Another type of differentiation that may occur at Ol Doinyo Lengai is fractional crystallization. In fractional crystallization, newly formed crystals float, sink, or are otherwise prevented from chemically interacting with the rest of the melt. Usually, iron and magnesium rich crystals form, leaving behind more silica and aluminum rich melt. In the case of Ol Doinyo Lengai, carbonate-enriched melt is left behind as silica bearing crystals are separated.
Both of these differentiation processes could result in the carbonatite lava that we see at Ol Doinyo Lengai. In reality, it is most likely that a combination of all three of these processes take place at Ol Doinyo Lengai (Bell et al. 1998). The differentiation of the magma beneath Ol Doinyo Lengai had probably been occurring long before Ol Doinyo Lengai was created. It was not until rifting began pulling the African continent apart that the carbonatite magma was able to reach the surface (Alden 2003).
Why is the study of Ol Doinyo Lengai important? First of all, Ol Doinyo Lengai is the world's only active carbonatite volcano. This makes it a very important site for the study of carbonatites. The world's largest deposits of rare earth elements (REEs) are found in carbonatite complexes. It is believed that REEs are rare because they cannot incorporate themselves into minerals when they form deep in the earth. REEs that cannot fit into silicate minerals are concentrated in the immiscible carbonate portion of the melt (Harmer 2002). This results in REEs present at the surface with carbonatites. The largest REE deposits in the world are in Bayan Obo, China and Mountain Pass, CA. Both of these locations have carbonatite complexes.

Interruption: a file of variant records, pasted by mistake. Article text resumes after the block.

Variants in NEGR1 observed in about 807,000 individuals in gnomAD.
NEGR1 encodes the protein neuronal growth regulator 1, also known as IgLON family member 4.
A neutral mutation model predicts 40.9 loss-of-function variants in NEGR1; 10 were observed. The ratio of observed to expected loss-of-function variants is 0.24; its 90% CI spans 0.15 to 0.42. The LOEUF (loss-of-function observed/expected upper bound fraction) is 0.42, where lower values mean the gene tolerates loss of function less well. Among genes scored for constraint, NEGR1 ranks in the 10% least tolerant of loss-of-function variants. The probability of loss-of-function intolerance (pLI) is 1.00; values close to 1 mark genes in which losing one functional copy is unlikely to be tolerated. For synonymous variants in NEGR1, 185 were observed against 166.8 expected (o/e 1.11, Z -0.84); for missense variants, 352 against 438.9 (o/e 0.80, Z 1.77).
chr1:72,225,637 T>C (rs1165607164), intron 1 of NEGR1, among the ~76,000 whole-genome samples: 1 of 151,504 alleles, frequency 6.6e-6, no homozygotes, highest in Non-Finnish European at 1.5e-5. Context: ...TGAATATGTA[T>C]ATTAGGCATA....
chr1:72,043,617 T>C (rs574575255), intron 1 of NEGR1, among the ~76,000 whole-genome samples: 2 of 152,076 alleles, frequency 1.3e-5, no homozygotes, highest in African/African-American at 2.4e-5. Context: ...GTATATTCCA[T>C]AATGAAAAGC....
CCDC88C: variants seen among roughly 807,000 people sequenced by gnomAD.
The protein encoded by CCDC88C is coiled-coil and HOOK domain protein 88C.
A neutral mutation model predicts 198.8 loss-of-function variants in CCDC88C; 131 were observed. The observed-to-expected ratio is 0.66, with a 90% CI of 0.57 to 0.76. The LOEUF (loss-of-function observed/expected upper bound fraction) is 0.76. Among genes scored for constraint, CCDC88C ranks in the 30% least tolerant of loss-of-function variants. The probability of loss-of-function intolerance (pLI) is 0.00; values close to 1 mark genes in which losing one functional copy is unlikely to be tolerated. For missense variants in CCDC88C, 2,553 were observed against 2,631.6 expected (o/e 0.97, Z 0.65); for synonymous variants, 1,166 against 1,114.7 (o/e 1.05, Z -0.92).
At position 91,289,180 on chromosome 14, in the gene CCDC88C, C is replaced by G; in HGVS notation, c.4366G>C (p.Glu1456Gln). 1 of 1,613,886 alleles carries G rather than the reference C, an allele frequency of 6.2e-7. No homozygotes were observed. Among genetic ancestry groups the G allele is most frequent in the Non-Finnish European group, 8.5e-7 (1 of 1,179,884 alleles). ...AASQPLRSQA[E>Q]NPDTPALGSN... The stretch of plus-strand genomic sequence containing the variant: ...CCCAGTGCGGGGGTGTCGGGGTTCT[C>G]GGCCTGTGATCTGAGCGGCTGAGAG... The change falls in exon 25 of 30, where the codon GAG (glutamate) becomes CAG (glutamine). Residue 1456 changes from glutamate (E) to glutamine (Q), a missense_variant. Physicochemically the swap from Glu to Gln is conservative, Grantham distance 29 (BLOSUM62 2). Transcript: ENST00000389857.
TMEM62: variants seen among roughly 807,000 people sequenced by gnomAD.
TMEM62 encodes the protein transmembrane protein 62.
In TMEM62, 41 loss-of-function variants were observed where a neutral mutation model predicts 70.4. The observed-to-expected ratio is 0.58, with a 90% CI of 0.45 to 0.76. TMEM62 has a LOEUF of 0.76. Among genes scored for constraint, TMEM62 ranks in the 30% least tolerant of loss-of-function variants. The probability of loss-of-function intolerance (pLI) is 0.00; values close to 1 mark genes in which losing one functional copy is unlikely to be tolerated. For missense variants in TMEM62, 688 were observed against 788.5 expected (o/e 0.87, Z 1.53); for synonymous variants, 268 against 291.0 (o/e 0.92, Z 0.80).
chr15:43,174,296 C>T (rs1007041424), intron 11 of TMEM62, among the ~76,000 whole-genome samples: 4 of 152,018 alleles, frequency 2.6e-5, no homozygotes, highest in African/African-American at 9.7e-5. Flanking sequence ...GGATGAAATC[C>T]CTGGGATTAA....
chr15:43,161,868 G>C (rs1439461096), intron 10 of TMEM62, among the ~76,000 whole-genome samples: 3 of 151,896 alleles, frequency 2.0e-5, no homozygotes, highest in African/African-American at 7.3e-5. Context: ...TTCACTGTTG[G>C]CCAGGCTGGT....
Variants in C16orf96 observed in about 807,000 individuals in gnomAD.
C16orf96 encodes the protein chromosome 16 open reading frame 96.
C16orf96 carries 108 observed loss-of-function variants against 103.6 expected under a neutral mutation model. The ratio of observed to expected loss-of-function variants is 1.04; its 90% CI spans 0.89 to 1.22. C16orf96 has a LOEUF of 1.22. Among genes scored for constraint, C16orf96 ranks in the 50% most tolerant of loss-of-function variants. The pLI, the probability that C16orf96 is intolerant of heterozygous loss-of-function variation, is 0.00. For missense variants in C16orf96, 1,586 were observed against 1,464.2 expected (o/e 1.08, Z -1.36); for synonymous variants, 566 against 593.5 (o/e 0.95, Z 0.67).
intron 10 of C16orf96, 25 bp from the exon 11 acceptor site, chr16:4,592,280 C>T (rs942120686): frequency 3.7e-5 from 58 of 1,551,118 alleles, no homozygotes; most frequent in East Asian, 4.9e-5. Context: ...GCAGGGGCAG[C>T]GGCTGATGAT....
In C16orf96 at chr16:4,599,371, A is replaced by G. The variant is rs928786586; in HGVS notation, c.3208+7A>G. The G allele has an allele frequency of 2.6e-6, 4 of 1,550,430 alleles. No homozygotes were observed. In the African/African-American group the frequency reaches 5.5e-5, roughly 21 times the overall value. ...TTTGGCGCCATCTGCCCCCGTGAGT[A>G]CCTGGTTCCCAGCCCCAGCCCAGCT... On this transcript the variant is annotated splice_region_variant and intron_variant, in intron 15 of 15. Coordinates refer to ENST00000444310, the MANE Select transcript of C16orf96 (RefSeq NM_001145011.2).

Another interesting impact of the study of natrocarbonatite lava at Ol Doinyo Lengai is its application to planetary geology. There are volcanic features on Venus that have characteristiscs of river systems on earth. These include meander bends, braded flow systems and deltas. It is suspected that the lava that created these features on Venus is similar to the lava produced at Ol Doinyo Lengai (Nyamweru 2001).
Alden, A. 2003. The big rock candy mountain. URL: http://geology.about.com/library/weekly/aa031499.htm(4/3/03)
Bell, K. Kjarsgaard, A. and Simonetti, A. 1998. Carbonatites- into the twenty-first century. Journal of Petrology 39: 1839-1845.
Dawson, J.B. 1998. Peralkaline nephelinite- natrocarbonatite relationships at oldoinyo lengai, tanzania. Journal of Petrology 39: 2077-2094.
East african rift and ol doinyo lengai URL: http://web.umr.edu/~rhagni/ear-ol.html(4/3/03)
Harmer, R.E. and Gittens, J. 1998. The case for primary, mantle-derived carbonatite magma. Journal of Petrology 39: 1895-1903.
Harmer, R.E. 2002. Mineralisation of the phalaborwa complex and the carbonatite connection in iron oxide-Cu-Au-U-REE deposits. In Porter, T.M. (Ed), 2002 - Hydrothermal iron oxide copper-gold & related deposits: a global perspective, volume 1; PGC Publishing, Adelaide, pp 331-340.
Mitchel, Roger, H. 2000. Expedition to the natrocarbonatite
volcano oldoinyo lengai.
Morton, P. 2003. Ways to form magmas of different compositions.
Nyamweru, Celia. 5 May 2001 Oldoinyo lengai URL: http://it.stlawu.edu/~cnya/index.html (3/19/03)
Ore deposits associated with carbonatites (REEs). URL:
This website is part of a Geology 211 class project on Processes in Physical Geology.
Copyright © 2003 Earlham College. Revised 8 April 2003. Send corrections or comments to email@example.com